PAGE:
We wound up at the hotel bar, which is this secluded, outdoor, beautiful little place with winding vines on trellises and tasty shandies and a super friendly staff. It's apparently a popular spot where people in Austin go for the hip-but-relaxed ambiance, and the people there were really friendly as well. (Though one dude came up to us all flashing his business card and telling us how he was the VP of some company or another and was this big deal and had just been to China and literally, seriously straight up told us that he went there with $13,000 and in fifteen minutes of conversation I think possibly asked one question about either of us. He paid for our drinks and wanted us to come downtown with him and his friends. We let him get our drinks, but declined his invitation.)

After a delicious night's sleep at the hotel, we wanted to have time to get something to eat, go shopping, and check out the springs in Austin before we rolled out that late afternoon/early evening. It was hot as hell, but we did all three of these - more great Mexican, fantastic little shops (vintage, antiques, novelties, art). The springs were nothing like I'd ever seen before - just this big, natural spring in the middle of a park in the middle of Austin with tons and tons of people just swimming around, laying out on the grass, treating it like the beach. We didn't go in for lack of time, but it was really pretty and neat to see.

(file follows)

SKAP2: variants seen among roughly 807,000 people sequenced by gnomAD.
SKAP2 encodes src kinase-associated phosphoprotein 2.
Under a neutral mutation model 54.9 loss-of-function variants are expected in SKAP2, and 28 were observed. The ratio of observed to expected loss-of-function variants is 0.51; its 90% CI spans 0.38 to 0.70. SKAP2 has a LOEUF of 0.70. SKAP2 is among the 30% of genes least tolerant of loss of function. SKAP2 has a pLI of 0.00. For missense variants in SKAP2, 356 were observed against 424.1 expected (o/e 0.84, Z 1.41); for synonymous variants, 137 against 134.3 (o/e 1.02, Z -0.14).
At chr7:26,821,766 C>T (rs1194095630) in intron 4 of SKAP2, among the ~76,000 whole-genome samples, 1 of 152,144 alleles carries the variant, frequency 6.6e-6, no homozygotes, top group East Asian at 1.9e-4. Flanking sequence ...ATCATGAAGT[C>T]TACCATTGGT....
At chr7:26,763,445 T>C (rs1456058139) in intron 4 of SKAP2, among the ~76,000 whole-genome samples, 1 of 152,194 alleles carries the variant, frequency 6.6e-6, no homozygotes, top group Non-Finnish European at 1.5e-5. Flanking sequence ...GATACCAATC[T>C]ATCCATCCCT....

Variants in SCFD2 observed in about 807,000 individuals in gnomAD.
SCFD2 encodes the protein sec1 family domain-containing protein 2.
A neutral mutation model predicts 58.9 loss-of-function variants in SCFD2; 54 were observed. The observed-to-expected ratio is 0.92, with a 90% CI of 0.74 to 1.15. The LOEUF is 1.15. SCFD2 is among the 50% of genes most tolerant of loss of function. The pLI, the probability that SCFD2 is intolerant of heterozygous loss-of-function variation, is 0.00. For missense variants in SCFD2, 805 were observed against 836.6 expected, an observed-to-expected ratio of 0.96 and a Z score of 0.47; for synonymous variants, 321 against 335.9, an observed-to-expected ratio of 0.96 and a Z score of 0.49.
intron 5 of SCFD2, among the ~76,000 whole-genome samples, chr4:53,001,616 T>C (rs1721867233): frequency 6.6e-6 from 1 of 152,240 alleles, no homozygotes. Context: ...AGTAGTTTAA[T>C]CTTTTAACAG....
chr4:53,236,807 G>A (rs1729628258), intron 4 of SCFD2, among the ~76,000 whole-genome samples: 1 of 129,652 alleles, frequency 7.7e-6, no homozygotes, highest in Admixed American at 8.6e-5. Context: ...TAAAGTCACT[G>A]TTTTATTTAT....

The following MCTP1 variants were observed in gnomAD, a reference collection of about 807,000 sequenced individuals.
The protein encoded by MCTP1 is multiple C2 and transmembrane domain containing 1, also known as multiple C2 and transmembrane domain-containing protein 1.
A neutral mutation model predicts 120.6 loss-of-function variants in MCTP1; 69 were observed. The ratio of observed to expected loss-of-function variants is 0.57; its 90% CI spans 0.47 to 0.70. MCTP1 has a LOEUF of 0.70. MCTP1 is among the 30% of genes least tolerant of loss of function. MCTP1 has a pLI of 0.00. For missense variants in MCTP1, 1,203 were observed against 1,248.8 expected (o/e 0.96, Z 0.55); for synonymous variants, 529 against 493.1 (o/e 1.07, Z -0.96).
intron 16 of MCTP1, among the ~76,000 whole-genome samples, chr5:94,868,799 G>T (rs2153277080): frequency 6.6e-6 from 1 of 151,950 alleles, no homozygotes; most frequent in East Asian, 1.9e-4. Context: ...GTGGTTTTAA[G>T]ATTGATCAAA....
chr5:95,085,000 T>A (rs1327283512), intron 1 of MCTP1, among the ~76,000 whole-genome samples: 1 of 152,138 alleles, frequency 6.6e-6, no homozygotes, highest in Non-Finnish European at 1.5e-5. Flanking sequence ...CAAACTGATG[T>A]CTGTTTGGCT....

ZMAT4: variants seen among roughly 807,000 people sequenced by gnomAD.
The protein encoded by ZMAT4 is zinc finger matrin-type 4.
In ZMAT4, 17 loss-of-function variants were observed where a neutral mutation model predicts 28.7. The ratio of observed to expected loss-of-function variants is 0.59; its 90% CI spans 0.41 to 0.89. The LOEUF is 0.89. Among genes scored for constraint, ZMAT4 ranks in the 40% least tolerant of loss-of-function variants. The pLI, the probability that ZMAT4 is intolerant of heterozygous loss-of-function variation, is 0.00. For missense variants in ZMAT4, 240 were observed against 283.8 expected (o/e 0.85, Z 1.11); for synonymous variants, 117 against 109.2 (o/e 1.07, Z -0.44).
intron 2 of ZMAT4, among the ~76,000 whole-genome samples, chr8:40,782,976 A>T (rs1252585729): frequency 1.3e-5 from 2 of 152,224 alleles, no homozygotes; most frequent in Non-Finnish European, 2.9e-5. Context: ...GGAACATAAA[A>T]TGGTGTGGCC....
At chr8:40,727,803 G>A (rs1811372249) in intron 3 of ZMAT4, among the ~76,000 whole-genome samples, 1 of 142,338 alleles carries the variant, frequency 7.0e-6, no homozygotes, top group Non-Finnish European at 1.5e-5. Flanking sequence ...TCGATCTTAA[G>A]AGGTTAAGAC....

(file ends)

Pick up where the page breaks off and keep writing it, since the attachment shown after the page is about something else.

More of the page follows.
I'm not sure if we could call it the highlight of our day, since it was a pretty good day, but one of the more exciting things about Austin was going to the Original Whole Foods Evarr. (This is not to take anything away from Austin, but rather to emphasize the awesomeness of this Whole Foods.) It was freaking huge - I mean H U G E. Clean and gorgeous and modern and friendly, tons of prepared foods and treats and eats - we stocked up for the rest of the trip there, which was a Good Plan. Candy and gas station snacks were starting to wear on me, at least.

Jesus, this is rambling. All of these things seem so trivial in writing them down, but the city was just so enjoyable. The vibe was hip, friendly, creative, and weird, the nighttime crowd was fun, and the city seemed to have tons of things to do, as well as tons of unique, interesting, and very lovely architecture and design. I could definitely see spending a good deal more time there - though next time, I'll definitely fly in.

Friday, June 11, 2010